Coleman stressed his record as mayor of St. Paul. He said on several occasions that in his eight years in office he had not raised taxes and the city's economy had grown by 18 thousand jobs. That was done, Coleman said, by bipartisan action, which he said makes him particularly qualified to help "change the tone" in Washington.
Coleman also worked hard to present himself as a pragmatist. When Mondale said, "The problem with your drug bill is that it's what the pharmaceutical companies want," Coleman answered that what he really wants most is to pass a prescription drug bill. "We could fight endlessly over partisan politics," Coleman said, but he wants a bill that will not only pass Congress but also win the president's signature, thus bringing actual benefits to seniors.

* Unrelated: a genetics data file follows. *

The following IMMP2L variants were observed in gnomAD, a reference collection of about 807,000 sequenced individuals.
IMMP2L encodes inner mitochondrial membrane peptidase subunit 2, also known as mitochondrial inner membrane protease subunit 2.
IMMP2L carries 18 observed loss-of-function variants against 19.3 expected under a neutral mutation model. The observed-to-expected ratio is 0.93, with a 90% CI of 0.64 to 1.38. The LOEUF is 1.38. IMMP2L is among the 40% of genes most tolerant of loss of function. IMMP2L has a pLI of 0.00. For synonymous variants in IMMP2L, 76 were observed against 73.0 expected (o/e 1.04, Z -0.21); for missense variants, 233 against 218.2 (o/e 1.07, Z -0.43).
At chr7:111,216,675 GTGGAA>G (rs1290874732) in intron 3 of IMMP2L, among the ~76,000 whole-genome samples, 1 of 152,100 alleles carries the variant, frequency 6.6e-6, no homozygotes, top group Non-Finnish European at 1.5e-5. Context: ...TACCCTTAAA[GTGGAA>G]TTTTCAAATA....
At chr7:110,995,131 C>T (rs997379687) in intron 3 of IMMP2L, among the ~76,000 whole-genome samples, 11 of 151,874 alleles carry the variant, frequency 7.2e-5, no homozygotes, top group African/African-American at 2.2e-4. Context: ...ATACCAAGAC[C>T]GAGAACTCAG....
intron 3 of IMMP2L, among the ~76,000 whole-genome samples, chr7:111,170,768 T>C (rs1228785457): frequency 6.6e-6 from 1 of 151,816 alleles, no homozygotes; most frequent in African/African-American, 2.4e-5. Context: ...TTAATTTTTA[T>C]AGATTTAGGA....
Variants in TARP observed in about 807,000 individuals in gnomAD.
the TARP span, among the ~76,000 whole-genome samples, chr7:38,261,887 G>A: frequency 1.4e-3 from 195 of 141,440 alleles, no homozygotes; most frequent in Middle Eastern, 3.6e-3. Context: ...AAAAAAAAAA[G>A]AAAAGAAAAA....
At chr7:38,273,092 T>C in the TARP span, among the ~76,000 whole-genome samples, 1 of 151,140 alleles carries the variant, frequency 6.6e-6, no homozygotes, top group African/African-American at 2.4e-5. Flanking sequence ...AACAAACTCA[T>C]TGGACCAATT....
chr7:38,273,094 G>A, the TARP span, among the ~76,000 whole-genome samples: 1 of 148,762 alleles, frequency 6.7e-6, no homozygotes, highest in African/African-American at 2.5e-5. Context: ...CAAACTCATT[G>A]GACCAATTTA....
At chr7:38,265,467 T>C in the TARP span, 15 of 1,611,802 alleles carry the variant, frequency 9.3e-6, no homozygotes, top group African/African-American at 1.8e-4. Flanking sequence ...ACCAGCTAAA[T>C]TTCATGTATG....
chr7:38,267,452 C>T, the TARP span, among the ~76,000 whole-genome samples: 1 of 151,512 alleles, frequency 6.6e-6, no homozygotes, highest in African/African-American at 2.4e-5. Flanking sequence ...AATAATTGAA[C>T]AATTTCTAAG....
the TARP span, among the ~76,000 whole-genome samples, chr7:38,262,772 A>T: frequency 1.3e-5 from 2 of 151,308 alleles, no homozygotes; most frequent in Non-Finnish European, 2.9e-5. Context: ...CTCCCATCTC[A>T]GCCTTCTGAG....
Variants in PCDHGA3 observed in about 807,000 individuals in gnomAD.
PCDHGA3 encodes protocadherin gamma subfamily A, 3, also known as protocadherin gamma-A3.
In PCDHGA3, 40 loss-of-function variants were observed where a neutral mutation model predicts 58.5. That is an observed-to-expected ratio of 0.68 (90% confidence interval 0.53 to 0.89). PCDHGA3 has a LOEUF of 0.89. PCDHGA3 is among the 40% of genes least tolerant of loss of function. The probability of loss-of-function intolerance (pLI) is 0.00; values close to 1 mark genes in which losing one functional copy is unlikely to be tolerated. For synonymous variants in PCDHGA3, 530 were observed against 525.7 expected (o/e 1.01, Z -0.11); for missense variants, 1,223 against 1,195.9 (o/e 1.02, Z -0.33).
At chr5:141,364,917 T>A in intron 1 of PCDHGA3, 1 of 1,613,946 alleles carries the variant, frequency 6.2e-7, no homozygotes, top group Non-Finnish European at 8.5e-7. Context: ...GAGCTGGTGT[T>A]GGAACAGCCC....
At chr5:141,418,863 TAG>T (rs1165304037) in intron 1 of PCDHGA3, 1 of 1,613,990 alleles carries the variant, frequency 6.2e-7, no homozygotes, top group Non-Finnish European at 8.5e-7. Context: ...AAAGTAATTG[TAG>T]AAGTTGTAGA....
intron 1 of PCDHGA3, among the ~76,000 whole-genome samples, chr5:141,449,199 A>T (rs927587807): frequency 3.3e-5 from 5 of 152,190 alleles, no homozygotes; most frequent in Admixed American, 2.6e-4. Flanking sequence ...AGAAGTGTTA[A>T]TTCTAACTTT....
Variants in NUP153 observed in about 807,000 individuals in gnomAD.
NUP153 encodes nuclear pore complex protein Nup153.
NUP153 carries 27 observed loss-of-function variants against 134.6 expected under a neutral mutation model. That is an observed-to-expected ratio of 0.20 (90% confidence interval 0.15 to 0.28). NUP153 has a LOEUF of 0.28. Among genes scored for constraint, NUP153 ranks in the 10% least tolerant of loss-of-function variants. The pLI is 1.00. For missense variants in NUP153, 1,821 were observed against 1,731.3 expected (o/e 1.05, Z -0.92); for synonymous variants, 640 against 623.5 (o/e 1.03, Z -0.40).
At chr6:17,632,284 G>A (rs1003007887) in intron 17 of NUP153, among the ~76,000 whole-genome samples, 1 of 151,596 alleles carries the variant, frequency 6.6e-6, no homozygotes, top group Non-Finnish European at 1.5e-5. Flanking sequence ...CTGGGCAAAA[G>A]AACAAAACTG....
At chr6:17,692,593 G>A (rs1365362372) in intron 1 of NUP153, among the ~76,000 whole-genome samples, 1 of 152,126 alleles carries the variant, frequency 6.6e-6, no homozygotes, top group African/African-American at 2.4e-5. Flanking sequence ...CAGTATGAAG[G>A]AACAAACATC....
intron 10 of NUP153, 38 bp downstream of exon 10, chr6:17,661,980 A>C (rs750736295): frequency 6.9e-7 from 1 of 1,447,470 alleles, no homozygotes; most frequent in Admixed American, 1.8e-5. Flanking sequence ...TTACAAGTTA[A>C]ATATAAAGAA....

The sharpest exchange of the debate came over the issue of abortion. When asked about confirming the president's judicial nominees, Coleman said he did not believe in litmus tests, while Mondale said, "I believe in choice [on abortion]...I believe it is so fundamental, it is in the Constitution, that we should confirm judges on that basis."
Mondale accused Coleman of "trying to slide around some very fundamental questions about the future of this country and its most sacred values of justice." Shaking his finger at Coleman, he said, "What you're doing is sticking with the right wing and pretending to change the tone. Norm, we know you, we've seen you, we've seen you shift around."